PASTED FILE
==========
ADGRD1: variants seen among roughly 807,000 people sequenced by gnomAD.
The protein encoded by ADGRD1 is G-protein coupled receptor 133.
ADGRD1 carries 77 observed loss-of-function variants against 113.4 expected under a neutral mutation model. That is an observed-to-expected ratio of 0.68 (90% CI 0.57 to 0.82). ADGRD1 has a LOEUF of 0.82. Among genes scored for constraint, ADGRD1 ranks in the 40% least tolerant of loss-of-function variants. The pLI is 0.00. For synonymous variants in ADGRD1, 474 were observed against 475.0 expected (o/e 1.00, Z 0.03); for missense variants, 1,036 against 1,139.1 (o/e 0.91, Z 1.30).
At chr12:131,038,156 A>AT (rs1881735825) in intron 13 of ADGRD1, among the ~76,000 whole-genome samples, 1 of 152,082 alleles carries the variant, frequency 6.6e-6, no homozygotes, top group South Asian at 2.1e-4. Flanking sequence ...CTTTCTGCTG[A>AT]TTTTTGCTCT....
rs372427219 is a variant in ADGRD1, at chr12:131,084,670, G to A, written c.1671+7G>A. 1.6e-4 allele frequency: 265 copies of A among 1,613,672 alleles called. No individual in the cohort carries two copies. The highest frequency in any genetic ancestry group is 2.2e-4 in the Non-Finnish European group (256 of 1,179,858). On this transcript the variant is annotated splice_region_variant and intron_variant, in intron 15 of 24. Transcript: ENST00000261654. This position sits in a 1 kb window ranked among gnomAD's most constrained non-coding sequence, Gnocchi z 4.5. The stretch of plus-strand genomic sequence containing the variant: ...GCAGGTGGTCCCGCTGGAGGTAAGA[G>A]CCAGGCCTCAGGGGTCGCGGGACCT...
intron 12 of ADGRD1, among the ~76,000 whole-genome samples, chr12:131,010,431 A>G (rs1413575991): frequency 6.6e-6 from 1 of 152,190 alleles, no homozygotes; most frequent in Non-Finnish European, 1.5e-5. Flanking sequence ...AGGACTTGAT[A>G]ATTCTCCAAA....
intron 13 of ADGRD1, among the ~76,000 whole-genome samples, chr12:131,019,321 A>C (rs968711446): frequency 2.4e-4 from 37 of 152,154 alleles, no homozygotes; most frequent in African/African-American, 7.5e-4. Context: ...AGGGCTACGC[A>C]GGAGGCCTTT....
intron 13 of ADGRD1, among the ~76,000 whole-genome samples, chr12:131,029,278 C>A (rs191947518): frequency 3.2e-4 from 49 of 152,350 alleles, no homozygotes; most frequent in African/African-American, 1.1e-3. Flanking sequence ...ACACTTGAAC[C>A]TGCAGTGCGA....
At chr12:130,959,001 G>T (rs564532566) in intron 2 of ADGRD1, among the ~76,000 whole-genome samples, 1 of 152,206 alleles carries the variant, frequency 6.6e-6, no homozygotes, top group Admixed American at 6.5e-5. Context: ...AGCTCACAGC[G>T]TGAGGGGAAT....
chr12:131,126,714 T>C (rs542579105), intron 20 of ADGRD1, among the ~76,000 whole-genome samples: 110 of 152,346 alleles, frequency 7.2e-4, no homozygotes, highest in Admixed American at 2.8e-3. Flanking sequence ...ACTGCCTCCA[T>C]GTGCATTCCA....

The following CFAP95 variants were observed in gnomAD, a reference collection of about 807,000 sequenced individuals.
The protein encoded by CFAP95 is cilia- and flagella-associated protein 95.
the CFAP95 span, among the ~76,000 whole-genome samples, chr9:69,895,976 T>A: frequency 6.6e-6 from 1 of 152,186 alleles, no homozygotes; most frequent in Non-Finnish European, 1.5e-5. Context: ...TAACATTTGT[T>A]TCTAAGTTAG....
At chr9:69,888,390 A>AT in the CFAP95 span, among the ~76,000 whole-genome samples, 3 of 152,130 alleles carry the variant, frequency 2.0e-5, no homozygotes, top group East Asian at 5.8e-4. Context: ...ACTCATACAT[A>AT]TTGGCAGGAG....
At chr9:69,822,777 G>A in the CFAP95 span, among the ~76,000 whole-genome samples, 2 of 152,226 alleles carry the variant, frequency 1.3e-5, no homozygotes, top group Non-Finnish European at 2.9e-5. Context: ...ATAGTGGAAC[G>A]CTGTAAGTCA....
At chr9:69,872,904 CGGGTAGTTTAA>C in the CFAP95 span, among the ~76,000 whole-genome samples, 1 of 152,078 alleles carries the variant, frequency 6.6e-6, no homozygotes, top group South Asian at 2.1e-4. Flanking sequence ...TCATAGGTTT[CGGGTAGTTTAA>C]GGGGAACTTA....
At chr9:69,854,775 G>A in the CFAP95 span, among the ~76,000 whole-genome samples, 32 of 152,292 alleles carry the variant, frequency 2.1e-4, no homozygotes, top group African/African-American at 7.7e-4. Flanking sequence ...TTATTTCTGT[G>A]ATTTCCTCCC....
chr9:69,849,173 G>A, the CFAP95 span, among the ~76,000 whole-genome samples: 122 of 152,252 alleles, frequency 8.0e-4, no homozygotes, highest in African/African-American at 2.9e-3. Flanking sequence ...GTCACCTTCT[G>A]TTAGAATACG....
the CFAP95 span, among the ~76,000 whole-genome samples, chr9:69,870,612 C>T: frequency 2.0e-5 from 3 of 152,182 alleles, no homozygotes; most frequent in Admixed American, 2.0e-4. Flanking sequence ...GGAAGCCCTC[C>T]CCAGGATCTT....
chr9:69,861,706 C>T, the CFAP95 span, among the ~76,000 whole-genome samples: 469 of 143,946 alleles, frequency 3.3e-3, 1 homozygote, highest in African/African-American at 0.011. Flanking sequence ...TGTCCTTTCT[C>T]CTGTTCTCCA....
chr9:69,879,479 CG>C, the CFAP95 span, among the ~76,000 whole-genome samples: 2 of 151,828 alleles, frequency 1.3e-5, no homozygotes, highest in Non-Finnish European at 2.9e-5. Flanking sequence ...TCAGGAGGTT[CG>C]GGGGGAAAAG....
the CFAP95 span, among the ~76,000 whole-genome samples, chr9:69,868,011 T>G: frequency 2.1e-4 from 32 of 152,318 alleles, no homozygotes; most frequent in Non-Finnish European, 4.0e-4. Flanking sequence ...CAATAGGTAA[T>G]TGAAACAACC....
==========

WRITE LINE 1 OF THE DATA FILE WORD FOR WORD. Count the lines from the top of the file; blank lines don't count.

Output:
ADGRD1: variants seen among roughly 807,000 people sequenced by gnomAD.